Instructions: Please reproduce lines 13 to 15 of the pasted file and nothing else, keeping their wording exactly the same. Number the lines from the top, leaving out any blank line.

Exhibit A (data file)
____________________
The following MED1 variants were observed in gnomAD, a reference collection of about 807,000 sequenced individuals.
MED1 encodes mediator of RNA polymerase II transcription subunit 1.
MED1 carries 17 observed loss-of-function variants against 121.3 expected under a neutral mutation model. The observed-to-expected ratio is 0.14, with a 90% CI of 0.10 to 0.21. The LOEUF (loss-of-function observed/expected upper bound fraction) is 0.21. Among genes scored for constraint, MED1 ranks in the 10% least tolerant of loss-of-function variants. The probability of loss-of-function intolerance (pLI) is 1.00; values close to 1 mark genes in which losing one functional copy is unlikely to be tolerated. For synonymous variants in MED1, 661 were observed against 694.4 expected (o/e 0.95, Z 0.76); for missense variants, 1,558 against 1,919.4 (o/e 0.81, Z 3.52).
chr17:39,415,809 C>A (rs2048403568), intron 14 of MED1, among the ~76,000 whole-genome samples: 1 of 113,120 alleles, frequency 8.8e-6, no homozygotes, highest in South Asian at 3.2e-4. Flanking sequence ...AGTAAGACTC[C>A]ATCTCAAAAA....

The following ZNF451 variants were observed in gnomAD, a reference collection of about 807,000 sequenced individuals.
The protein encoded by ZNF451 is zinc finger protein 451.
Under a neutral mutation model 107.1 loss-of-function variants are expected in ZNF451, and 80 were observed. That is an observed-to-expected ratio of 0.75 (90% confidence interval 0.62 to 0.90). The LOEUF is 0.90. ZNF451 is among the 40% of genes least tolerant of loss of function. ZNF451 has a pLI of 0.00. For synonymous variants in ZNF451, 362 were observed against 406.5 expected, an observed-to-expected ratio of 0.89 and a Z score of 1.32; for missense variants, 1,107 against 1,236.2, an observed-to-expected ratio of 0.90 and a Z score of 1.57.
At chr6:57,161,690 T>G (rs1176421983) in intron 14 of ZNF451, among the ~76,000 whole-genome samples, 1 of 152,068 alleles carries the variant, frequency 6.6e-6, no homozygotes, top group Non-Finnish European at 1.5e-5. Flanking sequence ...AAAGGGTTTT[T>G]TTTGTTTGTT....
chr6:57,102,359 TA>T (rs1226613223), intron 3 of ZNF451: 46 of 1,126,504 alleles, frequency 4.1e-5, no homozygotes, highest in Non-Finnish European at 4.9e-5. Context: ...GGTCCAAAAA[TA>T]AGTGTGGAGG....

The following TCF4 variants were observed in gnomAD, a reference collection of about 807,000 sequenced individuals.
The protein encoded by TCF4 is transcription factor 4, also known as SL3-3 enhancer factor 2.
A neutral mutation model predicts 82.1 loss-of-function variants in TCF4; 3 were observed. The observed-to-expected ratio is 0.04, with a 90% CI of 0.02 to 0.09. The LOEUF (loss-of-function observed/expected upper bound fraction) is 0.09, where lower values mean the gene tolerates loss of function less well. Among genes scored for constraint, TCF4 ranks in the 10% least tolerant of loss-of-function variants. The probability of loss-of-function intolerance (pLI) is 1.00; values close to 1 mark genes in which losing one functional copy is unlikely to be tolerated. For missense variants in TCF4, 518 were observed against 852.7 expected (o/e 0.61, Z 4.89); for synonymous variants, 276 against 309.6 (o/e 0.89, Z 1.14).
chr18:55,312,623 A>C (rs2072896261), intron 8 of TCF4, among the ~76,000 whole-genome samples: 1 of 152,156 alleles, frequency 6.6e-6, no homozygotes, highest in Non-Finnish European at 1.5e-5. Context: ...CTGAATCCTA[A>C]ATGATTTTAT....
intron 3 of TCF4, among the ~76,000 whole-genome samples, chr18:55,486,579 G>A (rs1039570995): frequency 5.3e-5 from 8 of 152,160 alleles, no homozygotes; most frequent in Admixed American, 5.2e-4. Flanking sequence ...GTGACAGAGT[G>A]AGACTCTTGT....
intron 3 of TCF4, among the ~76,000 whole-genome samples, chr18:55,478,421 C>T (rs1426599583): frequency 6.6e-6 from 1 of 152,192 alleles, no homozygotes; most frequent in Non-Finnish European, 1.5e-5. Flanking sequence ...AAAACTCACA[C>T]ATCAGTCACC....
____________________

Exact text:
chr18:55,312,623 A>C (rs2072896261), intron 8 of TCF4, among the ~76,000 whole-genome samples: 1 of 152,156 alleles, frequency 6.6e-6, no homozygotes, highest in Non-Finnish European at 1.5e-5. Context: ...CTGAATCCTA[A>C]ATGATTTTAT....
intron 3 of TCF4, among the ~76,000 whole-genome samples, chr18:55,486,579 G>A (rs1039570995): frequency 5.3e-5 from 8 of 152,160 alleles, no homozygotes; most frequent in Admixed American, 5.2e-4. Flanking sequence ...GTGACAGAGT[G>A]AGACTCTTGT....
intron 3 of TCF4, among the ~76,000 whole-genome samples, chr18:55,478,421 C>T (rs1426599583): frequency 6.6e-6 from 1 of 152,192 alleles, no homozygotes; most frequent in Non-Finnish European, 1.5e-5. Flanking sequence ...AAAACTCACA[C>T]ATCAGTCACC....